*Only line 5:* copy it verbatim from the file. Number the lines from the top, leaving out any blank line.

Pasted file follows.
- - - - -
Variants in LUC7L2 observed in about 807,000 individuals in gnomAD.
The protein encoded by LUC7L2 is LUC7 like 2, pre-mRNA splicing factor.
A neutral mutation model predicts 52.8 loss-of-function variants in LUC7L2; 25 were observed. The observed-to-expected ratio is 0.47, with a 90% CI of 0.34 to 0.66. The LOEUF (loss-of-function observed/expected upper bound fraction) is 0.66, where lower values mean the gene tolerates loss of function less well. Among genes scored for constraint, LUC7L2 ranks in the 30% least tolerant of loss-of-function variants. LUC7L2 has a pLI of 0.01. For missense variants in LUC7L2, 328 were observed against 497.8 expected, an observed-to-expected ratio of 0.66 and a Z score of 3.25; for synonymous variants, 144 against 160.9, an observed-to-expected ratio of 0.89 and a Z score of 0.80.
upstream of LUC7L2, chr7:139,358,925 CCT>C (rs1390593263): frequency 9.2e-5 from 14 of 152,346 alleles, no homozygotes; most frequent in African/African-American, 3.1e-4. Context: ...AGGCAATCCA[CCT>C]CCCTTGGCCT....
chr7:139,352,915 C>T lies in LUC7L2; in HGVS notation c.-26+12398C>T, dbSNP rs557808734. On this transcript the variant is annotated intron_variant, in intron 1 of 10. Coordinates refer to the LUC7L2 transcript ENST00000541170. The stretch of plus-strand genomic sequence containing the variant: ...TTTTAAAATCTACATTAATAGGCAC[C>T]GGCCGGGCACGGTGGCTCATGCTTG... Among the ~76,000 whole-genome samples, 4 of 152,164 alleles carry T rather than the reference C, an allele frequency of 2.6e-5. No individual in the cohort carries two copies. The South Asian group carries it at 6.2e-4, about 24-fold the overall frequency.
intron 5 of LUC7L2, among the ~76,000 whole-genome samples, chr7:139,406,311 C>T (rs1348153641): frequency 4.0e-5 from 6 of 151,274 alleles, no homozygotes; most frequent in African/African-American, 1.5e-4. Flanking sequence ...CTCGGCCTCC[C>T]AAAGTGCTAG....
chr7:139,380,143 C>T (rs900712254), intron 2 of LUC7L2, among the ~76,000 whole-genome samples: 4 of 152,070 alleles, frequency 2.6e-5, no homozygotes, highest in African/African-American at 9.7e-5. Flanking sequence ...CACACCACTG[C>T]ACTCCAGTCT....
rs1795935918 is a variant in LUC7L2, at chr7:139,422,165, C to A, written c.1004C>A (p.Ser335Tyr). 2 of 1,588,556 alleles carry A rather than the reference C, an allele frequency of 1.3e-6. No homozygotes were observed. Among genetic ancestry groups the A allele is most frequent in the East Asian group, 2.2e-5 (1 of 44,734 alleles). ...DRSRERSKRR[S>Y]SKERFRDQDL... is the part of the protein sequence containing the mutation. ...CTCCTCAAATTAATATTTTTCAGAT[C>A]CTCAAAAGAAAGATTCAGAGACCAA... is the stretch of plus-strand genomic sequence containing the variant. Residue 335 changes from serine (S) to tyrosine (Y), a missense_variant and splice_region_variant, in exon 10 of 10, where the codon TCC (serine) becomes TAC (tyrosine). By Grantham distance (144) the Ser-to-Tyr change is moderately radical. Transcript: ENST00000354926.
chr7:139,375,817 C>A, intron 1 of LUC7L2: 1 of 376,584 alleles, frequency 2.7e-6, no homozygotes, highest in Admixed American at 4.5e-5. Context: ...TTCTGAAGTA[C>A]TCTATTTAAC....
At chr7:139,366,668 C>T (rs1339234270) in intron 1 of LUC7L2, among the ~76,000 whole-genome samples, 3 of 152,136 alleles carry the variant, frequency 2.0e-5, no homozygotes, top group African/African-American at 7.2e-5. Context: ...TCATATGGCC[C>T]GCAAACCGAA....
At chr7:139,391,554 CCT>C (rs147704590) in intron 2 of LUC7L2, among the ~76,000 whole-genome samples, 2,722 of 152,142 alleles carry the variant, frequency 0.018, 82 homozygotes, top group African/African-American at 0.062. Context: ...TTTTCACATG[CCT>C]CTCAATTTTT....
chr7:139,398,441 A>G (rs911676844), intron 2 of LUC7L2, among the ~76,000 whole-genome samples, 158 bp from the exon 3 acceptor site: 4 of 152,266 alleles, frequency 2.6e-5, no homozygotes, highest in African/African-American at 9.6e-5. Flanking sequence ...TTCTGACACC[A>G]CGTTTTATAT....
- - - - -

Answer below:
chr7:139,352,915 C>T lies in LUC7L2; in HGVS notation c.-26+12398C>T, dbSNP rs557808734. On this transcript the variant is annotated intron_variant, in intron 1 of 10. Coordinates refer to the LUC7L2 transcript ENST00000541170. The stretch of plus-strand genomic sequence containing the variant: ...TTTTAAAATCTACATTAATAGGCAC[C>T]GGCCGGGCACGGTGGCTCATGCTTG... Among the ~76,000 whole-genome samples, 4 of 152,164 alleles carry T rather than the reference C, an allele frequency of 2.6e-5. No individual in the cohort carries two copies. The South Asian group carries it at 6.2e-4, about 24-fold the overall frequency.